Apple says Request 2 is crucial for calculating the total size of the market for Epic's available digital distribution channels, which the Court finds highly relevant. Apple points out that Samsung was ordered to provide the same information and has done so.

Request 32

Request 32 asks for documents that show the name of each app on Steam, the date range said app was available, and the price of the app and in-app product. Apple says this information is necessary to determine the scope and breadth of the digital distribution marketplace.

Volume 5 Production

The Volume 5 Production is a historical document that shows sales data related to games sold on the Steam marketplace. Apple says that Valve provided the Volume 5 Production but with heavy redactions. The redactions appear to cover any information that would be potentially useful to the case.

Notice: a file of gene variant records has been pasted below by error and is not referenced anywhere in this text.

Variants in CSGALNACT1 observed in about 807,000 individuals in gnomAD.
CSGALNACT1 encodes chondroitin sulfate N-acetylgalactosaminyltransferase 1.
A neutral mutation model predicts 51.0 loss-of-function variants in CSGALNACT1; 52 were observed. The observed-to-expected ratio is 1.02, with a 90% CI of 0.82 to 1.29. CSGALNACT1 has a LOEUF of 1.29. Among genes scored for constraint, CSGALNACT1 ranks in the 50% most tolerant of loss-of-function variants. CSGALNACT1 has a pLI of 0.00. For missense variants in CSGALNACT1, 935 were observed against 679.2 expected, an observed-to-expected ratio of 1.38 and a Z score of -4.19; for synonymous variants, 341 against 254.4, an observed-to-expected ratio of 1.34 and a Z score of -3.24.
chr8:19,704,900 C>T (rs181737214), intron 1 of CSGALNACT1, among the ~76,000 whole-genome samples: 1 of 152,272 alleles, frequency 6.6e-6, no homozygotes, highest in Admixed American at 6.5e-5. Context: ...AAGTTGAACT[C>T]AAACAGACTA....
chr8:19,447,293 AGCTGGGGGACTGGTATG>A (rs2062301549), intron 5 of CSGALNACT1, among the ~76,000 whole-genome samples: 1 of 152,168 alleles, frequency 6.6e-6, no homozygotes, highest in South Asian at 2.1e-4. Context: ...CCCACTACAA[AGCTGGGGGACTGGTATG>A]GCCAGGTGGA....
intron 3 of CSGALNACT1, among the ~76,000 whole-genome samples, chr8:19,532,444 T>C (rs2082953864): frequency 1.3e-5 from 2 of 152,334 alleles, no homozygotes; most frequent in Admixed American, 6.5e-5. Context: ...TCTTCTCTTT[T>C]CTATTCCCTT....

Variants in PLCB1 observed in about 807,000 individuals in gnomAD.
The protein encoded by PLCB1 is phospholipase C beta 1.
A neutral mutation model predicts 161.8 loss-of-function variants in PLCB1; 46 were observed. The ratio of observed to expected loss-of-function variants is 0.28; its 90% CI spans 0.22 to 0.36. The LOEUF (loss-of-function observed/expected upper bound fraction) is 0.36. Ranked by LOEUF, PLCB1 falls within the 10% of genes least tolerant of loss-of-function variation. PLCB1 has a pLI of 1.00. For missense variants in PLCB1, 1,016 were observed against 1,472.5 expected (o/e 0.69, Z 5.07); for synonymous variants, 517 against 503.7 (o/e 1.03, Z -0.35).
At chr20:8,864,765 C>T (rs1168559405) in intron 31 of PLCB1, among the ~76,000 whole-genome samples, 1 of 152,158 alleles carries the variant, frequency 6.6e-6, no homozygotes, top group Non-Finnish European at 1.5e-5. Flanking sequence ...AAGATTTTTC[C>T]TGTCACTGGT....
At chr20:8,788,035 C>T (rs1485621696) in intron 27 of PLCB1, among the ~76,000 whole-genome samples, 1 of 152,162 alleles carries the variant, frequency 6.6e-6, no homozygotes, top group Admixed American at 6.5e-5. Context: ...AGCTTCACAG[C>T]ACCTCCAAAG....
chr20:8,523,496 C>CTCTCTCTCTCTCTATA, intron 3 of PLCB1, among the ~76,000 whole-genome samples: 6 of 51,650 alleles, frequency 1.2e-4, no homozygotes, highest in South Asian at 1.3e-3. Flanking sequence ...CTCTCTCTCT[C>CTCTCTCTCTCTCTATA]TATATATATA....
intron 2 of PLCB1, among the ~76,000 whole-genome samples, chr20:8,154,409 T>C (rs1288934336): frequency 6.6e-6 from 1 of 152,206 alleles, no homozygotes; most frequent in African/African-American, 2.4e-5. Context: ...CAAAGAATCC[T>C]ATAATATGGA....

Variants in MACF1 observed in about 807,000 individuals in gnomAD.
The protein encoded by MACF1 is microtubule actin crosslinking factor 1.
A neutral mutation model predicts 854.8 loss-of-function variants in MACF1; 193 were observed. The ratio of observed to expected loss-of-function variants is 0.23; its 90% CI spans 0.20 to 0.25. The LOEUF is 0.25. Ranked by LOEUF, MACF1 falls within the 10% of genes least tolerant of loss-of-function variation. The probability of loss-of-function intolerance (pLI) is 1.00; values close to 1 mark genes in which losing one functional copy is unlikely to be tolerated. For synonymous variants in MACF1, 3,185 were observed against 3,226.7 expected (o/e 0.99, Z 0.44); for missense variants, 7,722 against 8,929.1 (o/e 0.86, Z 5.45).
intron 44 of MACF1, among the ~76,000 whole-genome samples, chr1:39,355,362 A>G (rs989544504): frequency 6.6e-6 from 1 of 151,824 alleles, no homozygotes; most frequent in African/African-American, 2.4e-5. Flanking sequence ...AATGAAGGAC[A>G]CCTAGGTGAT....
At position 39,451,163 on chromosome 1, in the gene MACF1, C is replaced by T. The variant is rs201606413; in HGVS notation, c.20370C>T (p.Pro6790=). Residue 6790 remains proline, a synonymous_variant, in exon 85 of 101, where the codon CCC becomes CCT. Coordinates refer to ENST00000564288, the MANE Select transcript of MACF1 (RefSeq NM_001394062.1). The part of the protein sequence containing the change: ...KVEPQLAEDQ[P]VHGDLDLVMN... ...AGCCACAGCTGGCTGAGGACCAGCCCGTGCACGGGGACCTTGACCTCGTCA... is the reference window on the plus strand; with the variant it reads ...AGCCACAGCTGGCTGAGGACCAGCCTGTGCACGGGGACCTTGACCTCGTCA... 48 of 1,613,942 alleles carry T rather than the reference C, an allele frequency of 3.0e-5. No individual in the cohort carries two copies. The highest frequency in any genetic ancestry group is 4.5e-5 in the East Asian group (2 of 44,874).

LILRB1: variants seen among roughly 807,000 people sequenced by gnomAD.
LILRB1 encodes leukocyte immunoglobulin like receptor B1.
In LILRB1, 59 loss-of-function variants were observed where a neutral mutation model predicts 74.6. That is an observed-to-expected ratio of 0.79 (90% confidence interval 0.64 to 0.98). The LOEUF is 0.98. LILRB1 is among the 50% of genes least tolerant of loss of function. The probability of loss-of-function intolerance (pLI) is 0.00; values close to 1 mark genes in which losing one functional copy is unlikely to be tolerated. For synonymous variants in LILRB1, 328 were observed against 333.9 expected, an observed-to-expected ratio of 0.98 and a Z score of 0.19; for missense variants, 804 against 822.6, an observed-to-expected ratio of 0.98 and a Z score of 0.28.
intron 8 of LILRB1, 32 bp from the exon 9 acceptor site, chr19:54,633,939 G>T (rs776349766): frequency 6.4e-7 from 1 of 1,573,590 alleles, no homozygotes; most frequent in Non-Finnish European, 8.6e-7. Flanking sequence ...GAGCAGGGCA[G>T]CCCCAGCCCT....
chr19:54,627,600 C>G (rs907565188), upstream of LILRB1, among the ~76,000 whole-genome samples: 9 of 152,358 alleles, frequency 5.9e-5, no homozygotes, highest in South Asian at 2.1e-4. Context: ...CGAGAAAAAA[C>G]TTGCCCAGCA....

Apple requested the documentation to observe how commissions are handled in the marketplace. Valve asserts that the information is sensitive and must be redacted.

Valve's position

Valve asserts that it does not make or sell phones, tablets, or games for mobile devices. Steam is a digital storefront that operates on PC platforms and does not sell Fortnite.

There are 30,000 games available on Steam with over 99% of those not made by Valve. Most of these games can be bought elsewhere, and Fortnite is not available due to Epic refusing to sell it on the Steam platform.

Valve's burden